It's the "just in case" that's the point. Too many of us don't think about the unpleasant inevitability of our death. We'd rather not think through the "if anything happens to me" because it seems morbid or negative. We think if we don't talk about it, somehow that keeps it from happening.

But the "if anything happens to me" questions are important ones to answer-- not just for step-kids, but for all of our kids. And while, sometimes, expressing our final wishes won't guarantee the outcomes we'd like, it's usually a whole lot better to have something written down than nothing. Several of the legal websites like can help the average person draft a simple will or power of attorney easily and at relatively low cost-- but even a letter, signed and witnessed, expressing who you believe would be the best guardian for your children will provide your survivors (and the court, if it comes to that) with guidance.

It's something to think about, if you haven't already. Airplane rides remind me of the fragility of life-- but the truth is none of us know our appointed hour. Providing for the custody and care of our children isn't morbid-- it's just another way of loving them.

And thanks for reading this blog. I want you to know I appreciate you-- just in case anything happens to me!

Friday, July 23, 2010

"You be the Slave": Explaining American Slavery to a Five Year Old

Yesterday, Lil' Bit had a playdate with her very best friend in pre-school. With the temperature soaring near 100 degrees, outside was out of the question, so instead, Lil Bit and her friend (we'll call her "Natasha"), the little girl's mother (let's call her "Nancy") and I met at an indoor playspace in our local mall. The girls had a blast, running and jumping and creating games the way that little kids do in a fun place with lots of activities. Nancy and I sat nearby, watching them, sipping iced coffees and chatting...the way mothers do.

We started chatting about vacations. I told Nancy about our recent trip to Portland, Oregon to visit family, where we spent the coldest 4th of July I think I've ever experienced. Then I asked about their holiday. Nancy sighed, then told me about their trip to Mount Vernon, in Alexandria, Virginia on the 4th of July to see the daytime fireworks.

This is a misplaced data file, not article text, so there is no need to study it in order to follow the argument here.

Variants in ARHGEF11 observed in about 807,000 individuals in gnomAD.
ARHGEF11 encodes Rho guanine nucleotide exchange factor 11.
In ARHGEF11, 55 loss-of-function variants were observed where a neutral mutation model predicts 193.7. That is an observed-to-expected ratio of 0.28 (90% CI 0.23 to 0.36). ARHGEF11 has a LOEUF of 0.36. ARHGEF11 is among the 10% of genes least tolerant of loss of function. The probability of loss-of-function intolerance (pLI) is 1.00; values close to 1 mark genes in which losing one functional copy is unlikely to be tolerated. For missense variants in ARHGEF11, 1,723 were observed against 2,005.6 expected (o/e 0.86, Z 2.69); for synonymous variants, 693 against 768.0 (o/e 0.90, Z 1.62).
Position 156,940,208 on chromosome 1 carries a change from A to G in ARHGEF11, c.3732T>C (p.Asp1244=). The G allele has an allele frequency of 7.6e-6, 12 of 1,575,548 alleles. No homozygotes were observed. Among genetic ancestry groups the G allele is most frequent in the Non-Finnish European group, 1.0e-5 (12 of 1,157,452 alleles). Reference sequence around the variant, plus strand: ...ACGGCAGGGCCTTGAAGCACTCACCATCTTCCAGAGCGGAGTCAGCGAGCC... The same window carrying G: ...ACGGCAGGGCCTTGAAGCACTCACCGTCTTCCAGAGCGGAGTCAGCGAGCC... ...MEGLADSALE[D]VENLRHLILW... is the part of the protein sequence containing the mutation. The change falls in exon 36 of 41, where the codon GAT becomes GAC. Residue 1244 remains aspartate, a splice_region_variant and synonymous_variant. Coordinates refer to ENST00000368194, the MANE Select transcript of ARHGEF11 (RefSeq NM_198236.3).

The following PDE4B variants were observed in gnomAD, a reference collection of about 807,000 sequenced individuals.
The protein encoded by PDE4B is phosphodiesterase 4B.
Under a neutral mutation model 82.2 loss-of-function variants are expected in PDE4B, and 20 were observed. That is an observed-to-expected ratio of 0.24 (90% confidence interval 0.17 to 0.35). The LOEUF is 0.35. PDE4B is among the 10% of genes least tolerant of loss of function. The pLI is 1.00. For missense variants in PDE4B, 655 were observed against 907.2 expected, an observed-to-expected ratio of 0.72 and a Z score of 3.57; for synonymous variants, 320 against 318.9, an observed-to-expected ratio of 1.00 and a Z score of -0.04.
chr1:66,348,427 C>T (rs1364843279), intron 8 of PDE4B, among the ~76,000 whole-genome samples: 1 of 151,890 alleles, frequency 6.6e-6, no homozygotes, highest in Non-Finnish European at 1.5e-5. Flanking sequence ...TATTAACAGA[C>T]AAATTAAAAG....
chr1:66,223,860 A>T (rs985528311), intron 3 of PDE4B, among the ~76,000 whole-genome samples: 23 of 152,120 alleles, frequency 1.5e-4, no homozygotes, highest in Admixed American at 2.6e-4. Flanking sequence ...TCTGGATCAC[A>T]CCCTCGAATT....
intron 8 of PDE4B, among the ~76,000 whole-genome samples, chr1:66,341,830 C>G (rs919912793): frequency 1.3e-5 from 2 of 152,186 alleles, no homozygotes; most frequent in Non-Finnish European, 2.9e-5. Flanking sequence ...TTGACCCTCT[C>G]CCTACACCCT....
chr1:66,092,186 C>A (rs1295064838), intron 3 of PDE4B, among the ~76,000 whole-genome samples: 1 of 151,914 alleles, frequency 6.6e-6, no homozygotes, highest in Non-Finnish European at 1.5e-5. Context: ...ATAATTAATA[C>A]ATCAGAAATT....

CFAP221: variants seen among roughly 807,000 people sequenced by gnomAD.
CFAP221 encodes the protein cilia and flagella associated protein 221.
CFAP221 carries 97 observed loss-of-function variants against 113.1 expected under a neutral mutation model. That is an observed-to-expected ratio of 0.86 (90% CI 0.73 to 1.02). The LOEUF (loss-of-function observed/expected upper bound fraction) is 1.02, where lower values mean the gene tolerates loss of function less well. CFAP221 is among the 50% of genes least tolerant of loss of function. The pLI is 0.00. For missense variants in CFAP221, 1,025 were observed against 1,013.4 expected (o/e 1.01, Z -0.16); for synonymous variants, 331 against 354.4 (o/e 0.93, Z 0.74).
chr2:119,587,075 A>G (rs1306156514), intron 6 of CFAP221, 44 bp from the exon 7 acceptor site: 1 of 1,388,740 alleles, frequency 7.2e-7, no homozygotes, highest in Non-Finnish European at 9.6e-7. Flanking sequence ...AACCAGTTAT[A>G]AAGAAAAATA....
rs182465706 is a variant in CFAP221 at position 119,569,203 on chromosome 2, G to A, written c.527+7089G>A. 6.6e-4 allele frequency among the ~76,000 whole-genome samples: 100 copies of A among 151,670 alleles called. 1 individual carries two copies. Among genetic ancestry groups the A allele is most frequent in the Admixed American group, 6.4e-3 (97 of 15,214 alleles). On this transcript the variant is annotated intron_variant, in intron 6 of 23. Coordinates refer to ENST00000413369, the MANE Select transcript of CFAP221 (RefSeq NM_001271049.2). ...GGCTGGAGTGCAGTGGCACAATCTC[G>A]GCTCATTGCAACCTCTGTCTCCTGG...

Mt. Vernon was the home of George Washington and once was fully operational plantation, complete with five farms and 67 slaves. Today, it is a historical landmark. Many of the buildings have been completely restored and re-enactments and narratives of 18th Century life are a part of the program offered to its millions of visitors each year. Nancy and her husband took Natasha on the tour, which included a visit to the slave quarters. After listening to the presentation, Natasha turned to her mother and asked:

"What's a slave?"

Slave quarters, Mount Vernon Plantation

"I explained it as best as I could on the level that I thought she could understand. I said that people back then thought it was okay to own other people. That the slaves had to work for the people who owned them and they couldn't ever leave. That they could be sold and bought like cars. I told her slavery was very wrong and some people knew it even then, but it took a war for slavery to stop. I didn't explain that American slaves were all Africans. I just decided not to go there for now."

Of course, I asked "Why not?"

"Partly because we're Jewish and there is also slavery in our ancestry-- and partly because I know my child. I have an image of her walking up to some random African American person and blurting out 'Were you a slave?' or some equally potentially offensive thing. She won't mean any harm-- she's trying to understand-- but that's an embarrassment I don't need right now. I'll try to explain all that when she's older."